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Raz

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How to create a lambda layer in AWS

This article was also published on razcodes.dev

In the last article I wrote that one of the options you have, when creating a lambda function in AWS that requires external modules, is to use a lambda layer that contains all these modules. That way, the lambda is independent of those modules, can be updated by itself, and also you can share that layer between lambdas that use the same modules, thus making it easier to maintain.

In this article, I will use the same example program from the last one, but instead of bundling everything together, I will create a lambda layer that can be used by the lambda.

Preparing the layer

First create a new folder for this project:

mkdir aws-lambda-layer
cd aws-lambda-layer

Next, create a folder structure for the modules that need to be installed.

mkdir -p lambda-layer/python/lib/python3.8/site-packages

Once the folder is created we can install requests in that folder.

pip3 install requests --target lambda-layer/python/lib/python3.8/site-packages

That folder structure is important because that is where Python expects to find the modules. Also as you can see, in this example I am using Python 3.8.

Now we can go into the lambda-layer folder and create a zip file for the layer that will be uploaded using the console.

cd lambda-layer
zip -r9 lambda-layer.zip .

Creating the layer

Log into the AWS console and go to Services -> Lambda -> Layers

  • Create layer
  • Name (ex: myRequestsLayer)
  • Upload
  • Select your zip file from before
  • Runtime (Python 3.8)
  • Create

Creating the lambda

We will be creating the lambda manually for this exercise, so in the AWS console go to Services -> Lambda

  • Create function
  • Author from scratch
  • Function name (ex: randomDadJokes)
  • Runtime (Python 3.8)
  • Create function

Replace the code in the editor with the following code:

import json
import requests

url = 'https://icanhazdadjoke.com'

def lambda_handler(event, context):
    r = requests.get(url, headers={"Accept": "application/json"})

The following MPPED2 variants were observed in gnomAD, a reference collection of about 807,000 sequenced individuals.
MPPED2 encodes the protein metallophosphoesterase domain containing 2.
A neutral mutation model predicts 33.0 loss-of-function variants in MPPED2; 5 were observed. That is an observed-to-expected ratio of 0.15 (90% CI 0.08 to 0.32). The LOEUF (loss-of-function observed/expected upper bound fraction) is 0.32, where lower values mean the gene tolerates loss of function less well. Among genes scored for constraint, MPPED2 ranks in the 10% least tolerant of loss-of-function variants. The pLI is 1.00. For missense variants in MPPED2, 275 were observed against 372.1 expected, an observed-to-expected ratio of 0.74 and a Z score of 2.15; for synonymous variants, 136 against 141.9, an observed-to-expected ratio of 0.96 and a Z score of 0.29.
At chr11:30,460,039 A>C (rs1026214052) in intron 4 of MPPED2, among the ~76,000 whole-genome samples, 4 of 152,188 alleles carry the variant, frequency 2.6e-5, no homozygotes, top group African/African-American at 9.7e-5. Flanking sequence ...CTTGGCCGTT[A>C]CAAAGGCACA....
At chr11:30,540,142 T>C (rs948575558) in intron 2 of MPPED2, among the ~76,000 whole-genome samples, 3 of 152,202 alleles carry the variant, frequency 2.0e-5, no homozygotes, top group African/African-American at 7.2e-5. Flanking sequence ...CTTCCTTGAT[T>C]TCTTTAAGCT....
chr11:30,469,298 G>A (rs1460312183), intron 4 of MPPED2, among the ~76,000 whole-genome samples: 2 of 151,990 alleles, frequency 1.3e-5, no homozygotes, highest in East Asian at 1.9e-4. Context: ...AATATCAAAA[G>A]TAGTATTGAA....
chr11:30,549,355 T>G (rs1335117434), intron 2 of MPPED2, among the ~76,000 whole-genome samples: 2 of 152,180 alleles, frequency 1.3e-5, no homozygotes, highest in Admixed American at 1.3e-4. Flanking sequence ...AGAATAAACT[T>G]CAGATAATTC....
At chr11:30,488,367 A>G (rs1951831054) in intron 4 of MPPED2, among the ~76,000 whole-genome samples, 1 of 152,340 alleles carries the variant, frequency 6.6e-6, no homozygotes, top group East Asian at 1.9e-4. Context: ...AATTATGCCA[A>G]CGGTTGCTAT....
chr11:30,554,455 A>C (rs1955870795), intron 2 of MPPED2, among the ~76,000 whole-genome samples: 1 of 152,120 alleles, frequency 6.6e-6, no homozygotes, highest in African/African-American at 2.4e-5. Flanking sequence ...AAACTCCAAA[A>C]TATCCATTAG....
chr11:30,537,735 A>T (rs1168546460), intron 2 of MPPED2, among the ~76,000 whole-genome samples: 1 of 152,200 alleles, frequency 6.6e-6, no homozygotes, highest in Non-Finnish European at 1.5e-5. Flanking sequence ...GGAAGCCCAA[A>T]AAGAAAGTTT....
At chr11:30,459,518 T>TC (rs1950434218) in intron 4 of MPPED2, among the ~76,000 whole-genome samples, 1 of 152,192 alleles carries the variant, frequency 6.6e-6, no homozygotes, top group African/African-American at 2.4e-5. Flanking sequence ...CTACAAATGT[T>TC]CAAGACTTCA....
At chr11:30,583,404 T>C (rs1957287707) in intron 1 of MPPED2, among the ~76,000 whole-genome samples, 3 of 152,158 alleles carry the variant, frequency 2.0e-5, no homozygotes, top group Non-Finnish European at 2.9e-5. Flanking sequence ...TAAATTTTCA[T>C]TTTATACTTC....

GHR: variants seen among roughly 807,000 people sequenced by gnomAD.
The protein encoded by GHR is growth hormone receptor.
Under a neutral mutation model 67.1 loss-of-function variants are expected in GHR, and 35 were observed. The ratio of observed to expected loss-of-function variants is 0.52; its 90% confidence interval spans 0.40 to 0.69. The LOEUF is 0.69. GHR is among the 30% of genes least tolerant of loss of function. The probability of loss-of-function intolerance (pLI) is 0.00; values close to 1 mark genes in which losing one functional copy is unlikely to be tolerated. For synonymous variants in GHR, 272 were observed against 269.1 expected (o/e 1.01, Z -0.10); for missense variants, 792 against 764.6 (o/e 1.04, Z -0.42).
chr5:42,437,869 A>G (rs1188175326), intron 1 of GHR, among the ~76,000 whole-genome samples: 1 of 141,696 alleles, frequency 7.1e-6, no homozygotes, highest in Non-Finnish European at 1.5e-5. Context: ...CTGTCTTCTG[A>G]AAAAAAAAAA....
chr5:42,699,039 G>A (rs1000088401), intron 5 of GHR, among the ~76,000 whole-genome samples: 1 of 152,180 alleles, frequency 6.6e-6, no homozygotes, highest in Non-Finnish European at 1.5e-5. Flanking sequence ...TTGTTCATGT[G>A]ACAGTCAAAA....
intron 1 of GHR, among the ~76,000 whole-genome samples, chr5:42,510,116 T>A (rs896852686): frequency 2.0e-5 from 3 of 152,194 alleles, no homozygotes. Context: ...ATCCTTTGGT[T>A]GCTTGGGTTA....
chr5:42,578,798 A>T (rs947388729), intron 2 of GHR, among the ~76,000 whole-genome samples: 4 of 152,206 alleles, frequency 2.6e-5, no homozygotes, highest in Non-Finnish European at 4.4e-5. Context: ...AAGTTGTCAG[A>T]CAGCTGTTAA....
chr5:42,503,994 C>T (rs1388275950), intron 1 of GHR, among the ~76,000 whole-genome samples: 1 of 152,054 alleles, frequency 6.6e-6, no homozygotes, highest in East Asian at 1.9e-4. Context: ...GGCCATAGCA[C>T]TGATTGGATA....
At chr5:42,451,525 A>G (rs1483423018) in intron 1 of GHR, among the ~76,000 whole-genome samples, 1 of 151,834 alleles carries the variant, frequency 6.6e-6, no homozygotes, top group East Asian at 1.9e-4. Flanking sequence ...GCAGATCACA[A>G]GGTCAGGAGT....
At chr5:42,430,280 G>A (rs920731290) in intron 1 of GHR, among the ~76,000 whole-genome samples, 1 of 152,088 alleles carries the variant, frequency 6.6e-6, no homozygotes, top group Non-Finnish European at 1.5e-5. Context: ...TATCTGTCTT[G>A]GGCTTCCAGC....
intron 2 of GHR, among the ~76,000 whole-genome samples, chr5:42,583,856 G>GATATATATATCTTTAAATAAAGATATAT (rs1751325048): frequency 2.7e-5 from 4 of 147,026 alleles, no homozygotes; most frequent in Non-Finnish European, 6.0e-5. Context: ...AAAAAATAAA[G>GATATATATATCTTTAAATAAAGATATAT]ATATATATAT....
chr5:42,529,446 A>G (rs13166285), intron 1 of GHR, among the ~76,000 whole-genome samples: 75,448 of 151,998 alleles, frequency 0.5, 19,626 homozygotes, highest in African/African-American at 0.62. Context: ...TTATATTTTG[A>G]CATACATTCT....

result = json.loads(r.text)
    return result['joke']

Hit Save.

Connecting the layer

Still on the lambda screen, in the Designer section, click on the Layers box.

  • Add a layer
  • Select from list of runtime compatible layers
  • Name (chose your layer)
  • Version 1
  • Add

Creating the Test event

We also need to create a test event so we can trigger the lambda manually. You can do that by clicking on the dropdown (Select a test event) -> Configure test events.

  • Give it an Event Name (ex: Run)
  • Inputs don't matter so you can just leave it as is or delete those keys
  • Create

Run it

Now you can click on the Test button and you should see a random dad joke.

Thoughts

I really like the layers a lot better than having to bundle everything together, because it's not just easier to maintain, but also now I can play with the lambda and edit the code or debug it right there in the browser and I don't have to package it and re upload every time I make a change. This makes prototyping a lot easier and fun.

Note that other type of data can also be included in a layer so if you want to learn more, make sure you visit the AWS Lambda layers page.

Discussion (2)

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andrewdmay profile image
Andrew May

I created my first layer this week, and found that the Serverless Application Model made it pretty easy.

There's a resource for a Layer Version and then SAM does the work of zipping up and deploying the layer and makes it easy to manage new versions of the layer contents. I added a Parameter Store resource so that the templates for Lambda functions could accept that as a parameter and always pick up the latest version of the layer.

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razcodes profile image
Raz Author

Thanks for sharing that Andrew!